A Korean Investment company mentioned an expansion and how it would positively affect the game. Of course, by this time, there was rumor and speculation, but there was no announcement nor any indication from developers that an expansion might happen. But people inevitably began talking about it. Following that, fans found that ArenaNet had trademarked the name Heart of Thorns. The charr was out of the bag and the hype-train left the station. But ArenaNet said nothing official for at least a month.
I have explained in great detail how feverish the GW2 fans were waiting for the expansion. At PAX South, as the GW2 fans waited, it took zero prompting from the emcee for the audience to cheer and holler every time it even looked like a developer might take the stage. No one seemed to care that ANet had led us around by a chain, giving us misdirected clues and remaining mum on the subject we were asking for. But it worked. I don’t know an MMO expansion that people are more excited for that wasn’t World of Warcraft.
Unfortunately, the other side of the coin can be tragic.
What happens when too much information is given to an audience?
I will do my best not to kick someone while they are down. I have a lot of respect for the former Sony Online Entertainment, now Daybreak. I have always believed that as a whole it has been the most transparent to it community, involving the community in game-making decisions, even letting the community help develop the game. Tools to create negative voxals (the building blocks in Landmark) and designs of elven architecture for EverQuest Next were both built by the community, for example.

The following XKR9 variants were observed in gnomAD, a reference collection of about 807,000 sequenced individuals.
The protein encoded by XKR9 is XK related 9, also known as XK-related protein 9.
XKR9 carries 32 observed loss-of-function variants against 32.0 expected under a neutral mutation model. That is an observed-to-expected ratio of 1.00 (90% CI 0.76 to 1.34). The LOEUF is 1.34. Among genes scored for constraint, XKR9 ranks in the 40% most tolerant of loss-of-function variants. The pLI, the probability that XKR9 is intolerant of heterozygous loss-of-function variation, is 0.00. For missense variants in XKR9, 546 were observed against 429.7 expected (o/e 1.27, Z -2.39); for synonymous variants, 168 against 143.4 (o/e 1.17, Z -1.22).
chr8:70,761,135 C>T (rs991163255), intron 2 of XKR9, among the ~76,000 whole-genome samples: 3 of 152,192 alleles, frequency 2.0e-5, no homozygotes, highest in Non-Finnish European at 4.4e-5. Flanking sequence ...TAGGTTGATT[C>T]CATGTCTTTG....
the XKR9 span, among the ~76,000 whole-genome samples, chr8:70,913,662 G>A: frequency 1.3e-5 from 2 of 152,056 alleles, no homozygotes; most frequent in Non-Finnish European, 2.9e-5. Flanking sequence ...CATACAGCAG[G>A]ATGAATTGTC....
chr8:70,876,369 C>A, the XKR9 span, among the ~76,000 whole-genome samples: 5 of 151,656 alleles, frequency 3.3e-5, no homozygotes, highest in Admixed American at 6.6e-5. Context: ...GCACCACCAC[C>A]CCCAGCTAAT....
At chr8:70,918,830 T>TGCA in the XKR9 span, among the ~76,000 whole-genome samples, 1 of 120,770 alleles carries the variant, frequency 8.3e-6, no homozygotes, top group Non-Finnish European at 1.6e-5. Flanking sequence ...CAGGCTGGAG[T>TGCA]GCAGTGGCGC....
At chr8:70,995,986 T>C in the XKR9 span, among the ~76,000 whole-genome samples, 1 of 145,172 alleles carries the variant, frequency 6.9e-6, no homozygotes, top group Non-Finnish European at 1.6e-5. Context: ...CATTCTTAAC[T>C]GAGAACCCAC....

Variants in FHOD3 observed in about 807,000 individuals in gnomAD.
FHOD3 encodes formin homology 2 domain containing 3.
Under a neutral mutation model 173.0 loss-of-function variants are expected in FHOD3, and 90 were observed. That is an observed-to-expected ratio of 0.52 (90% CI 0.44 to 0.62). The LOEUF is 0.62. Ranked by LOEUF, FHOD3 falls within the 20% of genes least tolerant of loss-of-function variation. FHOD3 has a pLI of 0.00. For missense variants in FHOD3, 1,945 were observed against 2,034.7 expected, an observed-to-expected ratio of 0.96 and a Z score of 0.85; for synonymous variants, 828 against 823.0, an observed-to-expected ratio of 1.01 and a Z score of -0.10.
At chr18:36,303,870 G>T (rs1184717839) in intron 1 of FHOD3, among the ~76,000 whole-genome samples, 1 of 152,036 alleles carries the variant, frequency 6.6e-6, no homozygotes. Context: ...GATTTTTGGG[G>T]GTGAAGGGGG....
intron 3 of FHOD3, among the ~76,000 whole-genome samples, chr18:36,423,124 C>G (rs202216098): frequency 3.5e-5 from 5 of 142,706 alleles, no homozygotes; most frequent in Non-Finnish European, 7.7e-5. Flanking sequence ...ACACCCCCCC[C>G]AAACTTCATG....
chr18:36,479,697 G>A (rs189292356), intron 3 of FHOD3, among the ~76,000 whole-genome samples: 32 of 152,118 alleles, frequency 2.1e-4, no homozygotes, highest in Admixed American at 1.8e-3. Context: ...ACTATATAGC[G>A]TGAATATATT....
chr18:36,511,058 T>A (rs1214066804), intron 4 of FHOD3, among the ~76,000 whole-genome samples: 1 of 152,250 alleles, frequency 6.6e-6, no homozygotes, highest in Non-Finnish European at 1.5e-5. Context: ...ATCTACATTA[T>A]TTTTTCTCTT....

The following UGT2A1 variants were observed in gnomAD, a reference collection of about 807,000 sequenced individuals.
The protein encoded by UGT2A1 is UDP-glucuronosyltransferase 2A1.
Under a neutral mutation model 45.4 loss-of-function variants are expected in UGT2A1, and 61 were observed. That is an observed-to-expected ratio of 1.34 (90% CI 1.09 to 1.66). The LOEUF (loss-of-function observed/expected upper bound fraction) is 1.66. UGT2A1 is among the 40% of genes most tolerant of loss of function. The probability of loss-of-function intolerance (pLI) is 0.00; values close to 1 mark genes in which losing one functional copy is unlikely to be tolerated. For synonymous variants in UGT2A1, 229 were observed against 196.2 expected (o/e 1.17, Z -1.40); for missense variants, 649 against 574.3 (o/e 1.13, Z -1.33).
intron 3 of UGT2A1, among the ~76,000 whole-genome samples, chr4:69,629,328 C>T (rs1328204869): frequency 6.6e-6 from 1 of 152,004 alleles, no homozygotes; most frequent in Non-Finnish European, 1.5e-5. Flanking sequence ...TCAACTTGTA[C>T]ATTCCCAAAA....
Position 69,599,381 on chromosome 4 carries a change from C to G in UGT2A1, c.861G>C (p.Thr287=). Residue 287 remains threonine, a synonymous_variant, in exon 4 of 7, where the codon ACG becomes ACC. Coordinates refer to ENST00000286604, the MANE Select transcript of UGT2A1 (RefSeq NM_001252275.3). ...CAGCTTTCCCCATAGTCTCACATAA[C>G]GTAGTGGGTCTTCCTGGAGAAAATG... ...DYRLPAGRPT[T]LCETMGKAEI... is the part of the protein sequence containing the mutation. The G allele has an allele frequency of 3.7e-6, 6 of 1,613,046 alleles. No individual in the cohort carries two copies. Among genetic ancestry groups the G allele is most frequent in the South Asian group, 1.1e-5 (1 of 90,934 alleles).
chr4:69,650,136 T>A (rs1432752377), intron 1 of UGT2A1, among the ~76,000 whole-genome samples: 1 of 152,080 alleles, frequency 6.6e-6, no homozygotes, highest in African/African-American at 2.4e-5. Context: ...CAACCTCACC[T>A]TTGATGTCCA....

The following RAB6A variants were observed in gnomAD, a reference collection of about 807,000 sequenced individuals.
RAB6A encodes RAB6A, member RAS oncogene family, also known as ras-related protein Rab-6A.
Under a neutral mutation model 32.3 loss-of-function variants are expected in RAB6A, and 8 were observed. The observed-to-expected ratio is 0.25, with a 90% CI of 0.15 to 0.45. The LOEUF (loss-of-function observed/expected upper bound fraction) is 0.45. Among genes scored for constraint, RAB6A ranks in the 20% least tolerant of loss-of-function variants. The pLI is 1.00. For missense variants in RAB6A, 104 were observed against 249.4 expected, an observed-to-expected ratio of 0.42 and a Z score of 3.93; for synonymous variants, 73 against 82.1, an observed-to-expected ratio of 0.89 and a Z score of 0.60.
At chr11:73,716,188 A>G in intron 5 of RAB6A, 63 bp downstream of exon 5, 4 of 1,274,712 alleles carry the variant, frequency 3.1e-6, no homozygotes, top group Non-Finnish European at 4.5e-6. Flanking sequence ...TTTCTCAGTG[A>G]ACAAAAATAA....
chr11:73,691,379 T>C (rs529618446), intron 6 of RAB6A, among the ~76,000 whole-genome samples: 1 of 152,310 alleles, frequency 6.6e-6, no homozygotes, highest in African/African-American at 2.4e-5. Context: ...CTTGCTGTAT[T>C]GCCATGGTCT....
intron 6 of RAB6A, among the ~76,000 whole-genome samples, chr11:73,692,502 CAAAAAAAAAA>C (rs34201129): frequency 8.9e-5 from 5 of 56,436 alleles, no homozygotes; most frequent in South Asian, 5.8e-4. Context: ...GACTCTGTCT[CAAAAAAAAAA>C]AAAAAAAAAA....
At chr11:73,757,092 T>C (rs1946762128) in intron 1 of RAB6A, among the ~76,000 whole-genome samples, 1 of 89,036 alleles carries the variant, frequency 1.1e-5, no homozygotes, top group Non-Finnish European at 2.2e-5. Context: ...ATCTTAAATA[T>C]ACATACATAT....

Unfortunately, earlier this week, much of Daybreak’s community team was let go including many long-term team members like Linda Carlson, Tiffany Spence, and Aimee Rekoske.
However, the biggest direct blow to Landmark was David Georgeson, the creative director for the whole EverQuest franchise.
Good for community; bad for business.
The release of these key people tells me that the model being used to work with the community might have been wonderful for a member of the community, but it did not work as a business model. I don’t think Landmark had made any real money for at least a year, and there was no real prospect for it to make money in the immediate future.
Landmark, as you might remember, allowed players to buy into the alpha and beta of the game. The community was key to the direction of the game. Nearly every week, the developers would produce a live show explaining where the project was going and what the Landmark team was working on. The community team and Georgeson were key players in this initiative.
However, the coverage became stale, and in my opinion, it was over saturated. People lost interest. People were not interested in how that sausage was made. They just wanted it smoked and sitting on their plates. Unfortunately, this disinterest helped lead to reduction in staff at Daybreak. Transparency isn’t always a good thing.
Next week, we’ll end this column with less of a downer because although transparency does have its flaws there are certainly good things about it. And maybe, just maybe, if more people practiced transparency well, we’d have a \ more amazing games industry.